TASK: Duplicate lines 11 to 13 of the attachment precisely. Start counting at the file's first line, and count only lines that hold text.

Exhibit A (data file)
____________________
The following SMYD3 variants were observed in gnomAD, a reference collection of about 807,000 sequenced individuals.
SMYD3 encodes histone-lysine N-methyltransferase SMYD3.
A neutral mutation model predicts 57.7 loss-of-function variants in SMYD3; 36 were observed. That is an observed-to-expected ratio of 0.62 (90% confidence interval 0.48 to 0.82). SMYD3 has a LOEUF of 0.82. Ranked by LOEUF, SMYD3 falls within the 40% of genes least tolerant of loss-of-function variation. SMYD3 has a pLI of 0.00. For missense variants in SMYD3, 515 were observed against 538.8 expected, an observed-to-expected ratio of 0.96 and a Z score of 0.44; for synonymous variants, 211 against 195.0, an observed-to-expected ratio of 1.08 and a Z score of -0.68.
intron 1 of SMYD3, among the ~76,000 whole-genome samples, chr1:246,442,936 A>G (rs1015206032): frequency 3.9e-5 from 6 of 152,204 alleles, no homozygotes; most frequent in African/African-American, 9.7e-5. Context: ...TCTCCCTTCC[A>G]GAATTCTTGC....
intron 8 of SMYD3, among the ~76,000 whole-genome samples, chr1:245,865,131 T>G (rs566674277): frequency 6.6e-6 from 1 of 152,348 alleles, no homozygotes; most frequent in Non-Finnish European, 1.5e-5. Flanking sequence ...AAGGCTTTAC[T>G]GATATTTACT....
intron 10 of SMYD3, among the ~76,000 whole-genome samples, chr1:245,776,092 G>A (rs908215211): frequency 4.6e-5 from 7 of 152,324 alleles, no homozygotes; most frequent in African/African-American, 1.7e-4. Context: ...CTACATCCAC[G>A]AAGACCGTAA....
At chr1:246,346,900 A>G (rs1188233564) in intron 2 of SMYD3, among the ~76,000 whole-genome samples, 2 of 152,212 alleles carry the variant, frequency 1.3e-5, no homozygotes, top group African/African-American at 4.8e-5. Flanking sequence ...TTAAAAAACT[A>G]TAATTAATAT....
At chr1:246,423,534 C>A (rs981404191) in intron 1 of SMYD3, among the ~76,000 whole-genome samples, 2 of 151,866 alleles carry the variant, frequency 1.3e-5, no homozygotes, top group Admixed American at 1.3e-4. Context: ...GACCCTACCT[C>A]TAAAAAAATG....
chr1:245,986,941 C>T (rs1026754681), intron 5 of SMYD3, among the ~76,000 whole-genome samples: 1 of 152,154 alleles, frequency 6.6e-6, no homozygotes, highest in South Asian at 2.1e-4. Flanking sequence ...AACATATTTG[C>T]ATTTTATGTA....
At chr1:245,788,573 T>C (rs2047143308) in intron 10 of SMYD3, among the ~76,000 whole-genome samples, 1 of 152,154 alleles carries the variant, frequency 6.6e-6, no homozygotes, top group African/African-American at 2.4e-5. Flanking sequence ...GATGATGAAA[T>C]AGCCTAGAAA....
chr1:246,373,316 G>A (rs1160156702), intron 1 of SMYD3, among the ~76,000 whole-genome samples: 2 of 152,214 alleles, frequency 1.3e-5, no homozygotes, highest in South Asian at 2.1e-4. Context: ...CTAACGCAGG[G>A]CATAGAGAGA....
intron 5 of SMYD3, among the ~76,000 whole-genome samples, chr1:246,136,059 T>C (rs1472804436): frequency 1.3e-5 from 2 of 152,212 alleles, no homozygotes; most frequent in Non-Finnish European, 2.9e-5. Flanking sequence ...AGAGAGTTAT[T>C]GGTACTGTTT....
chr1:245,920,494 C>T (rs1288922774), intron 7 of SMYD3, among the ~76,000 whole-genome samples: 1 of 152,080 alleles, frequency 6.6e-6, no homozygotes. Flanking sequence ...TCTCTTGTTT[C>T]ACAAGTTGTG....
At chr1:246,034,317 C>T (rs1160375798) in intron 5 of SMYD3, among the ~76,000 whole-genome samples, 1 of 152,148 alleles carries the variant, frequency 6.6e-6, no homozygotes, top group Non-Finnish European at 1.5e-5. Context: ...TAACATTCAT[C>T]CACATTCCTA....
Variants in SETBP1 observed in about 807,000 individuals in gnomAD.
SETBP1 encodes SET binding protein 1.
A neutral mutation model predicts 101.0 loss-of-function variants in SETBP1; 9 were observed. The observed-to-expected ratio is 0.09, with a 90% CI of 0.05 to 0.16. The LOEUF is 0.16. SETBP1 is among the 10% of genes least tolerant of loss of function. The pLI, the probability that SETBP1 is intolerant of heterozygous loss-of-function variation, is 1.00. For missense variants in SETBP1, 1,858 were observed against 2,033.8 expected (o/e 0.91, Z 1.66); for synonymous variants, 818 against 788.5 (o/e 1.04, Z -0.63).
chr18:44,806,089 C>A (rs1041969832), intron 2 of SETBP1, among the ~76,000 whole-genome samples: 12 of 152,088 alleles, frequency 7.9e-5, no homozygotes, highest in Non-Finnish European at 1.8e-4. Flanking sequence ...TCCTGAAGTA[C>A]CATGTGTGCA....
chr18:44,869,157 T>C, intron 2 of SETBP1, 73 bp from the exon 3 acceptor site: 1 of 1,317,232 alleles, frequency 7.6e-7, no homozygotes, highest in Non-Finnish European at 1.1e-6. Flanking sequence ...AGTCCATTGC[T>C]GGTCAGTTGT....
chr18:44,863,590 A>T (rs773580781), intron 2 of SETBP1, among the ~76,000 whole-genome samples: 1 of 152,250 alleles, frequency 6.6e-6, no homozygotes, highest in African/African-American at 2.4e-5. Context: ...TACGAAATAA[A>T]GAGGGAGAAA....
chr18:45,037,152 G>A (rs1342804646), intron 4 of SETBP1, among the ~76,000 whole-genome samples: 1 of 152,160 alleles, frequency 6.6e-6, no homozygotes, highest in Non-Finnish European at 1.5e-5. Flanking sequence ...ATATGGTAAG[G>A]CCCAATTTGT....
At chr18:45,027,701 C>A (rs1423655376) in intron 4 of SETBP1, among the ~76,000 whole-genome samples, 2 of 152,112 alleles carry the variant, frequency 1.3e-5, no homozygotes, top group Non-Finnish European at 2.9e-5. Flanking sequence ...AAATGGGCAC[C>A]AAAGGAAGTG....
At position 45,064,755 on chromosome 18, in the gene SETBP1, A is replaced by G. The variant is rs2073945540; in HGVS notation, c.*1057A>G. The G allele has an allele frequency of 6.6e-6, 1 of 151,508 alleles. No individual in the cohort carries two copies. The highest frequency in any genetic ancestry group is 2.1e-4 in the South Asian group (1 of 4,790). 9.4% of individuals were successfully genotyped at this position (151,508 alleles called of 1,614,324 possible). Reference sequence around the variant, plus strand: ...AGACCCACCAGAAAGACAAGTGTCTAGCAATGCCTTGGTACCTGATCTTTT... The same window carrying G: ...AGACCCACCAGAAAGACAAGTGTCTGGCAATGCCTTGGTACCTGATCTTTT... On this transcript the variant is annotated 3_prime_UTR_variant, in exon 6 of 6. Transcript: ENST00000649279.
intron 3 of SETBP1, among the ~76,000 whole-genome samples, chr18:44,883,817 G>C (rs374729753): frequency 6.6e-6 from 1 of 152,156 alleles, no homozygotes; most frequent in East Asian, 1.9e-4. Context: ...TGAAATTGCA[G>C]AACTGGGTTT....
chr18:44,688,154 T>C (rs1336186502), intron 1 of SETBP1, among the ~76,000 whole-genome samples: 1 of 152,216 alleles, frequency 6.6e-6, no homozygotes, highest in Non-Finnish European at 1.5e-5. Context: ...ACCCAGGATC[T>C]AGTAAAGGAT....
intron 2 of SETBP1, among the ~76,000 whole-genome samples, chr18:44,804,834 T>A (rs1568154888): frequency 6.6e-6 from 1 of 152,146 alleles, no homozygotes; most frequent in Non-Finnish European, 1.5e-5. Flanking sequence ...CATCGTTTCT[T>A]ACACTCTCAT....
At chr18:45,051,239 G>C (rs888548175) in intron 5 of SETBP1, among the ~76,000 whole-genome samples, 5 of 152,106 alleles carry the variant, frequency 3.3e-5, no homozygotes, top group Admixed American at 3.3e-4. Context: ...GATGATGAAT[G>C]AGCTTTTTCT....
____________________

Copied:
chr1:246,373,316 G>A (rs1160156702), intron 1 of SMYD3, among the ~76,000 whole-genome samples: 2 of 152,214 alleles, frequency 1.3e-5, no homozygotes, highest in South Asian at 2.1e-4. Context: ...CTAACGCAGG[G>A]CATAGAGAGA....
intron 5 of SMYD3, among the ~76,000 whole-genome samples, chr1:246,136,059 T>C (rs1472804436): frequency 1.3e-5 from 2 of 152,212 alleles, no homozygotes; most frequent in Non-Finnish European, 2.9e-5. Flanking sequence ...AGAGAGTTAT[T>C]GGTACTGTTT....
chr1:245,920,494 C>T (rs1288922774), intron 7 of SMYD3, among the ~76,000 whole-genome samples: 1 of 152,080 alleles, frequency 6.6e-6, no homozygotes. Flanking sequence ...TCTCTTGTTT[C>T]ACAAGTTGTG....